Daily Licking 004: Altered Dominant ii-v

bass lick tempo 120 4/4 | Em7 r8 e- [ g b d ] [ f# g f# ] e d | A7 c# e# d# c# c bb a g | Dmaj f#1 |

bass lick tempo 200 4/4 | Em7 r8 e [ g b d ] [ f# g f# ] e d | A7 c# e# d# c# c bb a g | Dmaj f#1 |

As before, pick it apart and see what the notes are in relation to the chord.

First one is slower at 120, second one is up an octave and faster.

Don't Buy Staff Paper Ever Again

Here ya go. Download and print/photocopy for as much bass clef staff paper as you want. Free.

Should look wonderful thanks to http://www.lilypond.org


Daily Licking 003: Miles Davis Lick

bass lick tempo 120 4/4 | Dmin7 f-8 g a c e f e d | G7 c# e d c b a g# f | Cmaj e1 |
bass lick tempo 200 4/4 | Dmin7 f8 g a c e f e d | G7 c# e d c b a g# f | Cmaj e1 |

Another ii-v one lick for ya. This is the same lick two times, the first one is a bit slower, at 120 bpm and the second time it is up an octave and sped up to 200 bpm.

The best thing to do on these licks is pick them apart and figure out the function of the notes being used. For instance, in this one:

On the Dmin7, the ii chord: The lick starts on the 3rd of the chord (F), and goes up a F Maj 7 chord, but throws in a G along the way. Also, it uses chord tones on every downbeat (f, a, c, and e). Its a lot easier to remember licks when you look at them in the way, in relation to the chord. You will quickly start seeing patterns and creating your own licks. That is really what this is about, it's not about just copying someones lick, but about figuring out why it works and then adding your own spin to it.

On the G7 the v chord: The lick starts on the #11. Well, la-de-da. Fancy. The next time though, it uses a C natural instead for an interesting contrast. The lick ends on the b7, which is, what do you know, a chord tone. This lick includes the #11, and the b9 of the chord, which is a G#/Ab (same note).

And if you think that copying other players is not how it is done, well, guess again. EVERYONE has done some of that. Take a listen to what George Benson thinks about learning other peoples licks.

It's part of the process.

You're Gonna Need A Bigger Boat - More Free Bass Tracks Than Your Hard Drive Can Hold

I should say "more free legal bass tracks than your hard drive can hold".

As we all know, there are many sources for music on the internet, some are totally legit and some, well, not so legit. The tracks I am talking about here are all 100% legal, legit, and in many cases supplied by the band themselves (or their record company) from soundboard recordings of their own live shows.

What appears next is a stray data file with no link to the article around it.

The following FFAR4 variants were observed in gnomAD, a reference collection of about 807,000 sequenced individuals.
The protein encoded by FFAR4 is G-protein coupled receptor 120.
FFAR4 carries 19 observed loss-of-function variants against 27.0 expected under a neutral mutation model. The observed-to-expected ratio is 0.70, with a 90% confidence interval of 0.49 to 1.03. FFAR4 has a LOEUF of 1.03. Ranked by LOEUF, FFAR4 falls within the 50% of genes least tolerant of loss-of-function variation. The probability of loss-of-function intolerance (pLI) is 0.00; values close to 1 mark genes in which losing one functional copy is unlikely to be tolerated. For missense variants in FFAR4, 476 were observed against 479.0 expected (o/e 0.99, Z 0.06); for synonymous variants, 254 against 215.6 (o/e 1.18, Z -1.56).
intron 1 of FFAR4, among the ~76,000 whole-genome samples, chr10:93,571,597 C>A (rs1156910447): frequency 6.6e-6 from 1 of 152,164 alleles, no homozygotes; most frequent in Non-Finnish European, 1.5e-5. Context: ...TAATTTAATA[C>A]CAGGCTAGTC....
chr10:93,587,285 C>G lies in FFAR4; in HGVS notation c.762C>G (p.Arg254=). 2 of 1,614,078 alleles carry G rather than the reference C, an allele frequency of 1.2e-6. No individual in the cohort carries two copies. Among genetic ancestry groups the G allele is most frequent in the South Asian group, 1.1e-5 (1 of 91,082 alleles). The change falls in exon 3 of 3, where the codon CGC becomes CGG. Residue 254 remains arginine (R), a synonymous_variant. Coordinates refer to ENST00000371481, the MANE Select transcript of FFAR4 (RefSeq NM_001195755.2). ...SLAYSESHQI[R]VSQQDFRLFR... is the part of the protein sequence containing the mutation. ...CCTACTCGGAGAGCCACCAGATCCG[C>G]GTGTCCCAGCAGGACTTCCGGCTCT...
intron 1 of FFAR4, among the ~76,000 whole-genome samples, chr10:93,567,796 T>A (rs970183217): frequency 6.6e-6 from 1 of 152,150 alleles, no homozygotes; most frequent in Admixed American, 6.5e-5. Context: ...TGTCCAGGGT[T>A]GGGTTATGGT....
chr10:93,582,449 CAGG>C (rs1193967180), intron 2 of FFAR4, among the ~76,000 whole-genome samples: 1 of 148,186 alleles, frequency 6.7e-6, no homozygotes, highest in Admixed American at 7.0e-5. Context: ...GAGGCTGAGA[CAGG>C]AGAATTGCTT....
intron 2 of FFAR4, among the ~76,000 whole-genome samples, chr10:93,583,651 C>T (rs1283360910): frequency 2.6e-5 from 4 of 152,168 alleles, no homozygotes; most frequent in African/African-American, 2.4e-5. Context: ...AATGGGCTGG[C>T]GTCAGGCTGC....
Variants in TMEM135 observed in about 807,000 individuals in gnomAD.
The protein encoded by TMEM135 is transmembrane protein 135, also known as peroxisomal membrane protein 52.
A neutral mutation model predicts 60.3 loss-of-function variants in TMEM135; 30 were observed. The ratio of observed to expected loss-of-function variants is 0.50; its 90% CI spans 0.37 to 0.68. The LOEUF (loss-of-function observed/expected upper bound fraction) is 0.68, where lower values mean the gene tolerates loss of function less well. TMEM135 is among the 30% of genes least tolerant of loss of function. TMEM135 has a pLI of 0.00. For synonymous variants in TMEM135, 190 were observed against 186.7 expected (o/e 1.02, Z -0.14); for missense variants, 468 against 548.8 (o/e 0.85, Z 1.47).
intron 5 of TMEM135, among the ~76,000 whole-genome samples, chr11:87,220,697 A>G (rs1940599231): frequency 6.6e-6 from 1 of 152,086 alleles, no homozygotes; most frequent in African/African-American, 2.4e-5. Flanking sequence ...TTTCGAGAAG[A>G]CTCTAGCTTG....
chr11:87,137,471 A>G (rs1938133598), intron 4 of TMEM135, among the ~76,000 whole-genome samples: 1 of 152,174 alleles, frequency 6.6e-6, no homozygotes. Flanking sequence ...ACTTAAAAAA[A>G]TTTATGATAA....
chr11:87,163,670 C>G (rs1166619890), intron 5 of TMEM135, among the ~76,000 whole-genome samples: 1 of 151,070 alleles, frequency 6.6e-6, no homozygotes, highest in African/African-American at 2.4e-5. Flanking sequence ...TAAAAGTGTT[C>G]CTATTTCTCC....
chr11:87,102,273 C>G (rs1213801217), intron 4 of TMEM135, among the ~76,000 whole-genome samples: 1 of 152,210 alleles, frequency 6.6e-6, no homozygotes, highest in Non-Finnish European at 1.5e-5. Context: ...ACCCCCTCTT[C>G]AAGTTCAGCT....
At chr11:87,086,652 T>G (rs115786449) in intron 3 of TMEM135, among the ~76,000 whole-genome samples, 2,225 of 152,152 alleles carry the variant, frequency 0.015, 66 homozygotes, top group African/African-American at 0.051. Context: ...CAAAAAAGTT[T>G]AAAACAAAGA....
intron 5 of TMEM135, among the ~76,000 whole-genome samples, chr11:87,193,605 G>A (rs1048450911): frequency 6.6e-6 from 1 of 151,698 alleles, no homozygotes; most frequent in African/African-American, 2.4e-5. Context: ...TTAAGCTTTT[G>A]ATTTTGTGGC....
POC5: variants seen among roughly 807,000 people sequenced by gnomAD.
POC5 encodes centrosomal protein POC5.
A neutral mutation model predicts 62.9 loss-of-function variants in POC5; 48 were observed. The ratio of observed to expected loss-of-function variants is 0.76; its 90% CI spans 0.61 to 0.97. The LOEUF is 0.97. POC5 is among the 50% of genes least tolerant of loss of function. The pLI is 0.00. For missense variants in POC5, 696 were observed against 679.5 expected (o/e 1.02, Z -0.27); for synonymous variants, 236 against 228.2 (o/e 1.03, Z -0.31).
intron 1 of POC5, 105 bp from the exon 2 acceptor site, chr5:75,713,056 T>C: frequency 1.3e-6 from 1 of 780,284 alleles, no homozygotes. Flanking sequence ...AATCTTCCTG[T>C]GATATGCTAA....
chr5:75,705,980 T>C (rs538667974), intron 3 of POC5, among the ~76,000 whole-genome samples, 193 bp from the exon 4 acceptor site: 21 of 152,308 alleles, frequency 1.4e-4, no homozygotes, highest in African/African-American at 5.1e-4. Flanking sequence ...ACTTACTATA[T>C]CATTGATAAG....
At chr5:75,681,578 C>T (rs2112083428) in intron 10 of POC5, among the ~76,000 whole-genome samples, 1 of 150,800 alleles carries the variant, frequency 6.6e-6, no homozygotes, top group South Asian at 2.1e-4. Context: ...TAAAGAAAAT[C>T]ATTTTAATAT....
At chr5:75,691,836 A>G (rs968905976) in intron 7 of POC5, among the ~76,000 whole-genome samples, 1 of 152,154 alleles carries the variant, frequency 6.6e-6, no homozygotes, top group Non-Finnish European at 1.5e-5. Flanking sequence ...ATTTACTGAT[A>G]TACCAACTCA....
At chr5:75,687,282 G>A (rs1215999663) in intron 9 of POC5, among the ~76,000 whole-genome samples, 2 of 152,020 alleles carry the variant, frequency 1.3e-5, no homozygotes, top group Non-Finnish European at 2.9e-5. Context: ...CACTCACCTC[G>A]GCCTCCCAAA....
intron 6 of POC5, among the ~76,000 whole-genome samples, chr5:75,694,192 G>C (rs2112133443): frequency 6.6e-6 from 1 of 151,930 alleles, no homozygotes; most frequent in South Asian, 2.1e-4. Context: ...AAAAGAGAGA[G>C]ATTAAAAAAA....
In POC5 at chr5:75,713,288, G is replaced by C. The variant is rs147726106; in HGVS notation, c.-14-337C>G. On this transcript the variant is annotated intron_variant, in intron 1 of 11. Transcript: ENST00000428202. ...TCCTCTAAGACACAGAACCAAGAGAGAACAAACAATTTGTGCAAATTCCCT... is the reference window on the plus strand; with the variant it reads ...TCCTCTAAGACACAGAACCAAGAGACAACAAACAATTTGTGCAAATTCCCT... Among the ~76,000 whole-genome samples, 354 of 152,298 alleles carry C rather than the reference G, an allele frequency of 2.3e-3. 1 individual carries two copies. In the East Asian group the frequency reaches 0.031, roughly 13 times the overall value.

What am I talking about - The Internet Archive

If you are a Dead Head, you already know about this place, but there is a lot more music available up there than just Jerry canoodling around mid-hallucination for 27 minutes over G7 to F7. There are some killing bass tracks up there, no matter what your definition of killing is. And it's FREE.

In this bass players opinion, the reason these tracks are so cool is because the tracks are all live, no studio tricks, no punch-ins to fix it, no beat-detective/auto-tune shenanigans, you get to hear how people REALLY play. You get to hear their tone, groove and notes, raw, as they played (or sometimes misplayed) them.

So who can you hear, stream or download for free? Um, how about:

  1. Bela Fleck and the FleckTones. They have some bass player, what's his name again, Vernon, no, wait, Victor something... hows about 301 live shows (as of today) and just about every one of 'em with a Victor Wooten solo feature in there somewheres. Listen to the current title holder of the only-have-to-use-his-first-name-and-everyone-knows-who-you-mean crown on bass these days. Get ready to hear some sextuplets!

  2. Oteil and the Peacemakers. Don't know Oteil Burbridge? You should. Here are tracks with him playing in his own band, (his "day job" is being the bass player with the Allman Brothers) and he is as funky as you would expect guy to be whose name means "Peace" in Egyptian. This band does funk, jazz, even kinda gospel-y, groove, rock and throws down. Check it out.

  3. Derek Trucks Band. Killer slide/blues player, who is the son of an original Allman Brothers guy. His band also mixes blues, rock and sneaks in some jazz if they can. Their bass player has a textbook amazing tube tone and super great feel. Check out "Volunteered Slavery" for a unison line as an example of afore-mentioned great feel and tone. Derek is married to Susan Tedeshi, another smoking blues guitar player, so she shows up on a few of those shows too. They have over 800 shows up there.

  4. 311. For the kids, ya know, with the rock and the roll. Hear P-nut doing his rock/ska/reggae/slap thing on his Warwick. Lots of live shows from the boys from Omaha. I think that is where they are from.

  5. Garaj Mahal. Listen to hours of Kai Eckhart playing in 11/14 or lord only knows whatever time signature parts of the song "Poodle Factory" are in. This band mixes together rock, funk, blues, jazz, and indian solkattu then bastes it all in Kai's juicy broth of world class bass playing and turns out a patchuli scented mixture of sophisticated improvs over very serious grooves. But NOT the bad kind of jamband-y grooves, the very very good kind. Everyone in this band is a musico grande ridiculoso ( from the Italian meaning "to be a ridiculously sick player"). This band should be waaay more famous than it is. Over 300 shows up there.

  6. Alex Skolnick. Want some jazzy shredding? There you go. Lap it up, Alex's guitar trio live and in action. Terrifying licks of all kinds, but mostly the contain-lots-of-notes kind. Where else are you going to hear Kiss's "Detroit Rock City" done as a jazz tune with a bass solo? Thank you internet!

  7. George Porter Jr. Fire on the Bayou, y'all! It's the funk man from Naw'lens. He plays bass with a little band called The Meters, and also has his own thing called the Running Pardners.

  8. Lettuce. Anyone I have met that is into this band is really, really, really into this band. Maybe it will happen to you too.

  9. Eddie Brickell & The New Bohemians. Oh, you want some fretless? There ya go. Shows from way back and surprisingly recent. Here what Mrs. Paul Simon is doing these days.

  10. Farko Collective. I would be remiss if I didn't post some local talent. Farko Dosumov is a local bass player that has a weekly gig with Michael Shrieve here in Seattle. This is his own project recorded live with plenty of bass shredding.

You can actually stream many of these with a widget The Archive provides, or you can use VLC, or Quicktime player, or even Itunes (if the files are MP3) to stream to your computer if the widget isn't on that bands page for some reason.

There are literally hundreds of bands up there, so this is just a small sample. Check it out and treat your ears to something new.